CHARLOTTE, N.C. -- Matt DiBenedetto 's best day in NASCAR's top series nearly ended with the ultimate buzzkill. Driving back Sunday from Bristol Motor Speedway after salting away a career-best sixth-place finish and becoming the provisional leader for feel-good story of the season, the 24-year-old driver saw flashing blue lights not far from his home in Hickory, North Carolina. "Ah, dang, that sucks after a good day,' " DiBenedetto recalled thinking as he pulled to the side of the road. But DiBenedetto didn't think he was over the posted speed limit, a notion that was confirmed when law enforcement approached him. "The cop comes up to me and says, 'Hey, I have one question for you: I just want to know why you were going so darn slow?'" DiBenedetto said. "So then I realized it was a prank." The best of pranks as it turns out. The second-year driver for BK Racing drove the rest of the way with a police escort and with his parents following him home, where he expected a small, muted observance of his stirring Sunday drive. That didn't happen, either, not with the secretive planning of sponsor and close chum Constantine "Cosmo" Kogan, who rallied DiBenedetto's circle of friends into a boisterous welcoming committee, complete with party favors and uncorked bubbly. "There were probably 30-40 people out in our neighborhood," DiBenedetto said with a smile Monday from his BK Racing shop in north Charlotte. "Silly string everywhere. My car was covered. Champagne, the little party popper things -- it was out of control. It was absolutely hilarious. Only my friends, that's just cool to see how much they care and they were all so excited." DiBenedetto's hard-fought sixth-place finish made its own viral turn Sunday, thanks not only to the underdog rooting interest for one of the circuit's smaller teams but also for the unabashed emotion that the driver showed in post-race interviews. As he watched his family wipe away tears off camera, the tremble in his voice became more pronounced. "I couldn't quite hold back the emotion," DiBenedetto said. "I would be lying if I said that I was fighting off the tears, but unfortunately just couldn't hold it back. That was a dream come true for me. I know it wasn't a first-place finish, but for us that was like a win to finish up there in sixth in the Cup Series, which I've dreamed of racing in since I was 5 years old. Just to be here in the first place is a dream come true." Living dreams Making it to the sport's big leagues seemed like destiny, but so often fate takes the curvier road. DiBenedetto seemed earmarked for stock-car racing glory early on as part of the first NASCAR Next class in 2011, then called the NASCAR Next 9. What followed after a successful first season in the K&N Pro Series was a hodgepodge of spot duty in the XFINITY Series, sitting in the driver's seat one week and out the next. "It seem like it's all kind of gone by in a blur," DiBenedetto said. "I was racing K&N, part of the NASCAR Next and then thought my career was done five times in between then and now. It's been so up and down so many times. For me to be here, it's still surreal to think back." Opportunity for DiBenedetto meant pounding the phones and knocking on doors. His big break came shortly before the 2015 season in the form of a race-to-race agreement with BK Racing owner Ron Devine. DiBenedetto said Devine took a substantial chance in hiring a driver without Sprint Cup experience, but the risk was modestly rewarded -- the week-to-week deal turned into a full season with just one DNF and a return invitation for 2016. "Being a rookie in Sprint Cup is way tougher than I gave it credit for," DiBenedetto said of the learning experience. "It's just a whole different level of racing. You have to be so perfect at every single thing you do, down to the level of not losing a half-second on pit road. You have to drive your tail off every single lap of the race to make sure you stay on the lead lap -- everything." Driving his tail off makes for a suitable description of Sunday's spirited drive at Bristol. Carl Edwards captured the checkered flag and punctuated his celebration with his trademark backflip, but he was also head over heels about DiBenedetto's accomplishments, saying, "They finished sixth? Man, that's unbelievable. That's probably tougher than what we did." The driver of the No. 83 Toyota wasn't about to draw a direct comparison with Edwards' feat, but was quick to spread the credit for a banner day among his BK Racing shopmates. "To win in the Sprint Cup Series among the 40 best is incredibly difficult and that takes an amazing amount of talent like Carl Edwards has," DiBenedetto said. "I don't know if I want to say it was harder than what he did, but we're definitely proud of what we did. I'm more proud of all the guys that work on the team, proud of my crew chief … I'm just more proud of my guys, not myself. They're the ones that deserve that good of a finish. They're the ones that are working late nights and dedicating their lives to doing best job they can and putting a good race car underneath me. "It is lot of hard work like Carl did say. That's a total team effort. That's a lot of hard work by my guys. I was just happy to be the one holding the steering wheel and able to drive it up there for them." The camaraderie among the tight-knit group is what made BK Racing 's post-race cheer all the more jubilant with hugs all around. That celebration spread to the shop Monday, with DiBenedetto springing for pizza during the team's lunch break. "A lot of that emotion is shared by this whole team," said Ryan "Frenchie" Dubois, in his second year as BK Racing 's general manager. "We work really hard here and face a lot of obstacles that a lot of other teams aren't faced with. For us to overcome those obstacles and come out of there with a sixth-place victor-, er, sixth-place finish, it's like a victory for the team right now and what we're trying to do for the future." Dubois caught himself, but "sixth-place victory" has a certain ring to it. "To jump to sixth was great," he added. "If we can back that up next week, that'll be a Cinderella story for sure. We just want to be consistent, do everything right. We've got fast cars this year, that's the positive thing. We've got the right people in place, and it's about putting everything together. Once we do all that, we'll get those outcomes more often than not." It's an opinion shared by veteran crew chief Gene Nead, who began working with DiBenedetto in the second half of last season and was atop the pit box for nine Camping World Truck Series victories with Ted Musgrave at the wheel from 2002-05. "It's a definite David and Goliath story, you know what I mean, for a team this small without enough proper funding," Nead said. "You walk out in the shop, there's 60 people. You go into Gibbs', there's 600. It's pretty hard to do what you did with 10 percent of their people." Basking in Bristol Fittingly enough, DiBenedetto was savoring the moment before ever turning a lap Sunday. The California native decided to have some fun with Bristol Motor Speedway 's unique system of drivers selecting their own music for pre-race introductions, taking a page from his wedding reception last August. During his reception, each member of the wedding party selected their own entrance music. His father's comedic take, entering to ZZ Top's "Sharp-Dressed Man" in full beard, hat, sunglasses and guitar, clearly resonated. With his dad's permission, DiBenedetto reprised the role Sunday with gusto, donning the full costume and earning some of the biggest pre-race laughs. "You've got to enjoy it every step of the way, you've got to do fun stuff," DiBenedetto said. "That's what the fans want to see and to get them riled up before the race. That's what it's about." That spirit has been contagious, one that's extended to all corners of the BK Racing shop and that's helped boost the team's morale. "With Matt, for one his attitude is always positive," Dubois said. "He's a very humble driver and very appreciative of the opportunity that he has. We've seen from the beginning with him that he's constantly improved. He's not plateaued like some other drivers have and so we're constantly building with him. We think he's the future of our team and yesterday was a perfect example of what we see, and hopefully everybody else was able to see that, too." Plenty did, based on the outpouring of support on social media and the congratulations he's received privately from well-wishers. DiBenedetto pulled out his phone to show 202 text messages he hadn't had time to respond to, part of the 300-plus pings he estimated he'd accumulated in less than 24 hours. This season's most improbable finish at one of the series' toughest tracks gave DiBenedetto more than TV time, a police escort and a silly-string serenade. It also gave him the rewarding feeling that comes with taking a dark-horse team into the stratosphere usually reserved for the sport's heavyweights. That's why sixth on Sunday meant so much. "Just because we've worked so hard to get here," DiBenedetto said. "To do this without any major funding behind me or family money or anything of that nature, to do it just based on hard work and what teams thought I could do behind the wheel, that's nearly unheard of. To fight that hard and to get here makes you appreciate it that much more."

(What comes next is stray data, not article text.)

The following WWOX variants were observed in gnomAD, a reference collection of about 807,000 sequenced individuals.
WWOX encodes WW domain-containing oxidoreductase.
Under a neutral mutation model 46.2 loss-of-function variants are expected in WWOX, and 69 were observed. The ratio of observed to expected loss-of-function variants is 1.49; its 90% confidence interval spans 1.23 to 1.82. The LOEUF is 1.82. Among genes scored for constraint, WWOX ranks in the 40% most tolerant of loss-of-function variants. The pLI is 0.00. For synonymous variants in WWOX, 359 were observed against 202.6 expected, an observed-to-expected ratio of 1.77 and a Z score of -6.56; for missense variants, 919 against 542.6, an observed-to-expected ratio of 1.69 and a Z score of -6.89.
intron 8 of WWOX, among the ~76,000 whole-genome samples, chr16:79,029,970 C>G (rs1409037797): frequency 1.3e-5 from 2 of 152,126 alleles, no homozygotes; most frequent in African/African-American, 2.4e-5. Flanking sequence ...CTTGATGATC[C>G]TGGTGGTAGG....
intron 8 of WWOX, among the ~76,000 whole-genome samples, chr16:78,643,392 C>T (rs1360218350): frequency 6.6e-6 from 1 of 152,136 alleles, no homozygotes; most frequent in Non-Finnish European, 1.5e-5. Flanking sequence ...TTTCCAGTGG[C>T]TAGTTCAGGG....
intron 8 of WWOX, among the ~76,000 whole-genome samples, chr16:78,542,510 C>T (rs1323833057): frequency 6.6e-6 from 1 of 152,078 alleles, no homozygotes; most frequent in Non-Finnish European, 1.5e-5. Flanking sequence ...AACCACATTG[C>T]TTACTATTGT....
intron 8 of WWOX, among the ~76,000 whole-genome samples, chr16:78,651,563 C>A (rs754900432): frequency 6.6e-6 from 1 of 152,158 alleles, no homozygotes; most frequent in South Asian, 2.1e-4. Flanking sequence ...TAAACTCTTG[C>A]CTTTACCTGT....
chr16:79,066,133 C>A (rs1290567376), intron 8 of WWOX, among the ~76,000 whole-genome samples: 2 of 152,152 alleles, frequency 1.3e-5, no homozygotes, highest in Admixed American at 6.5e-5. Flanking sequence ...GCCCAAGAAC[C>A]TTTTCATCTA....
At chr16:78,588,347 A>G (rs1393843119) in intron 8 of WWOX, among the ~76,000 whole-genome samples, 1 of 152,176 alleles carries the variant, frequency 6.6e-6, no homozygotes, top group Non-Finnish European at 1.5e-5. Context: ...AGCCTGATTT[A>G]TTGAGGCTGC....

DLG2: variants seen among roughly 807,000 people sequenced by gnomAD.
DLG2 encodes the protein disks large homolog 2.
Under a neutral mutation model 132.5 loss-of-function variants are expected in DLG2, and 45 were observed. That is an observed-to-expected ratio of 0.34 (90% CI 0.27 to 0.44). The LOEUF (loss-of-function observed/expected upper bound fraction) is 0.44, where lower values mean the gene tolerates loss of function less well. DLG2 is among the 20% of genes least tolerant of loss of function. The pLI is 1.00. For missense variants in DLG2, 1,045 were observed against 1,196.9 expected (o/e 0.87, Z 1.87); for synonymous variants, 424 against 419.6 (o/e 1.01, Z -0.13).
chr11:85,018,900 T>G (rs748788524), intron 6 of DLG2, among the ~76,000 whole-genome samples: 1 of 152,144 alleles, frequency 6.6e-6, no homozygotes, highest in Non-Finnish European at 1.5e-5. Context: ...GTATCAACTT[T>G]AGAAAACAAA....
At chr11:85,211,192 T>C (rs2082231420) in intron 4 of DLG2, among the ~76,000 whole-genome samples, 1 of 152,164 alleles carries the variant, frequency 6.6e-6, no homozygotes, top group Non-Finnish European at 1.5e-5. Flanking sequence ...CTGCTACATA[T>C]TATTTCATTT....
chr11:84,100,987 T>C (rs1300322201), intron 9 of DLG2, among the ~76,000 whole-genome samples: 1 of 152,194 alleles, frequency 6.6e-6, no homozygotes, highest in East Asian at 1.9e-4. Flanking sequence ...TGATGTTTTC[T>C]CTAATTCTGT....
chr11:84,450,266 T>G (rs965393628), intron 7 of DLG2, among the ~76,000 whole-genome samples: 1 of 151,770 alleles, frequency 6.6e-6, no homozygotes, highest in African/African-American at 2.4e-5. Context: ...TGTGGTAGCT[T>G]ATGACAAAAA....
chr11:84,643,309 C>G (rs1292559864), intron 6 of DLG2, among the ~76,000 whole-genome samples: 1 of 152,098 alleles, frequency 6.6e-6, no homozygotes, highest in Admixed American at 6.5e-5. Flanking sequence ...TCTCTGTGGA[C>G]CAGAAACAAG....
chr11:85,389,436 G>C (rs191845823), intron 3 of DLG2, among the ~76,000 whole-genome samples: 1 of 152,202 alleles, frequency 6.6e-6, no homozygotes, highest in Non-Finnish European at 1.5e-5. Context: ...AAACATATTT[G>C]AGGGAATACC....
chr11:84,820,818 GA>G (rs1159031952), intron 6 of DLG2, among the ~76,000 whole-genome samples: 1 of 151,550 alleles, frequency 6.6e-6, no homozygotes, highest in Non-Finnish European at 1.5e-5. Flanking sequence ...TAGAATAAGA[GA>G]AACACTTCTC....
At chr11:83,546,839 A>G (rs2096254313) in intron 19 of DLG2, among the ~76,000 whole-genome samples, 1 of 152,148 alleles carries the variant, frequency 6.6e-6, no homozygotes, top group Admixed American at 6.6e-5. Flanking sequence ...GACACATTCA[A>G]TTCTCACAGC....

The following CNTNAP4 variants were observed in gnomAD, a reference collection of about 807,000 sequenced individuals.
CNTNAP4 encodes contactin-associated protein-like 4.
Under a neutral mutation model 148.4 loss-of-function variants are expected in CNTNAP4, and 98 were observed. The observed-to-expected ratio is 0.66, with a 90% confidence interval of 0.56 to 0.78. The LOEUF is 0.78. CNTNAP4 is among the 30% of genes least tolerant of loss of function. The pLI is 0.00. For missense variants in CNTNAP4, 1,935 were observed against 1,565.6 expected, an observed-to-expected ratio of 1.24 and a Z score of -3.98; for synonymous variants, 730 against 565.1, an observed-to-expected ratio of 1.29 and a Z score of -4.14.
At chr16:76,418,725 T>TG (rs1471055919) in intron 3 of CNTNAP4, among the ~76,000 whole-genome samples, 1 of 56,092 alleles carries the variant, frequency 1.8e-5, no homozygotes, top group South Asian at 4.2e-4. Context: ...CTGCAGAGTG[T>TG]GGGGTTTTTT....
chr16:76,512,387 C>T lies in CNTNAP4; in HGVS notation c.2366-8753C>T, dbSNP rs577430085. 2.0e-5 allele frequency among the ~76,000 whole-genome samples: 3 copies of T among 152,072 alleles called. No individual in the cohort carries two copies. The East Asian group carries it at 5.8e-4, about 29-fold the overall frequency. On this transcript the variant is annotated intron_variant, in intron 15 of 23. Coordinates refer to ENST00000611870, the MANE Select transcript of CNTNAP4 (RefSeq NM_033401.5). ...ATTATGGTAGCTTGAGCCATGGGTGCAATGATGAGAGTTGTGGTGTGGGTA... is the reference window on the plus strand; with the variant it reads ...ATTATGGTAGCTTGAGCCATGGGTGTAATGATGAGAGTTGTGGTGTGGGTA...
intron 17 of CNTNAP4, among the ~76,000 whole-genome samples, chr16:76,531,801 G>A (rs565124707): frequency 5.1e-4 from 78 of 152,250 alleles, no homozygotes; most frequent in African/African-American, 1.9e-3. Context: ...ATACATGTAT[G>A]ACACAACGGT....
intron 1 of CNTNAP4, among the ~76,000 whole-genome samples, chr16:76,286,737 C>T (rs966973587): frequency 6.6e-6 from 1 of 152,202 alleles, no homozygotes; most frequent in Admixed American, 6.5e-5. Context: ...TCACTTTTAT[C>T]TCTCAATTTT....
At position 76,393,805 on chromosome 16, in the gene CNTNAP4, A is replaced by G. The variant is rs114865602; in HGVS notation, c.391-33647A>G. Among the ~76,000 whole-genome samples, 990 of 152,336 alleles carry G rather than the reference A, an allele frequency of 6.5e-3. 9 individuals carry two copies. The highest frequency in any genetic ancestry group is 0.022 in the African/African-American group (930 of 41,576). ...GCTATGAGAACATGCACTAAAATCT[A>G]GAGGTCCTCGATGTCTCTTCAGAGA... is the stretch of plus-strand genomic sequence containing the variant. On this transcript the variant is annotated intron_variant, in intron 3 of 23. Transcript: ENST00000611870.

Dash 4 Cash returns for second week at Richmond
RELATED: Heat races lineup " Full schedule RICHMOND, Va. -- The first brush with qualifying heats and a feature in a revamped Dash 4 Cash race format brought a new wrinkle to the NASCAR XFINITY Series last weekend. With the newfangled system ready for Round 2, many in the garage are bracing for the encore. Dual heats make their return in Saturday's ToyotaCare 250 (12:30 p.m. ET, FS1, MRN, SiriusXM NASCAR Radio), the second of four races this season for the Dash 4 Cash incentive program. One of four eligible drivers -- determined through the two heats -- will make their bid for a $100,000 bonus at Richmond International Raceway . Last weekend's Dash 4 Cash opener at Bristol Motor Speedway was marked by a pair of wire-to-wire winners in the heats, but some frantic lead-swapping in the shorter 200-lap main. This weekend, the total distance of the feature event (106.6 miles at Bristol vs. a scheduled 105 at Richmond) is comparable, but the difference in lap count (Bristol's 200 vs. Richmond's 140) is far wider. "That's a pretty narrow window to make yourself better if you're not where you want to be," said Erik Jones , last week's winner of both the Bristol race and the Dash 4 Cash prize. "I think it's cool. I think it's a neat thing to do. I think the shorter races is something we as drivers enjoy. I think fans enjoy it as well. And just that dash to the finish running as hard as you can is pretty neat. "Bristol was a part of that -- tire wear at Bristol isn't that great so you can run pretty hard for the majority of the race and not have to worry about fall-off and really dash like that for the whole race. But, I think you'll see a lot of the same here at Richmond with an only 140-lap main as well." Roush Fenway Racing 's Ryan Reed said Friday that the shorter format placed a premium on executing a mistake-free race, for both driver and crew. But the 22-year-old also said that the sanctioning body could discover enhancements as the Dash 4 Cash system continues to evolve. "With 140 laps at Richmond, you're going to have no time to mess around," Reed said. "I think it's good. Everyone's talked about shortening races up, and I think this is a great way to do it without taking away from total laps. You're still running the same amount of miles in the weekend, but you're breaking it up. I'm a pretty big fan of it. I think that they'll continue to improve on it and learn from this year and then be able to apply more things to it." Last weekend's event at Bristol helped fuel discussion about potentially reducing the number of scheduled laps in the hopes of creating more intense racing -- not just on the XFINITY circuit but in all three NASCAR national series. JR Motorsports' Justin Allgaier , who was one of four eligible Dash 4 Cash drivers last weekend, said he saw some validity to that theory, but that he expected more to be learned as the four-race series unfolds. "Obviously as racers, we're competitive, we want to win races and we'll run as many laps as the sanctioning body or the fans will allow us to run. If you told us it was 1,000 laps, we'd go run it. But at the same time to keep our fans engaged and to keep us moving forward as a sport, is this the right philosophy? Did we do a good job? I think that as we get through these four races, we're going to see a lot clearer picture of it. But I definitely give kudos to NASCAR, to Comcast XFINITY , everybody here. There was a lot of give and take to make sure these came off well, and I think so far we've done a good job of that."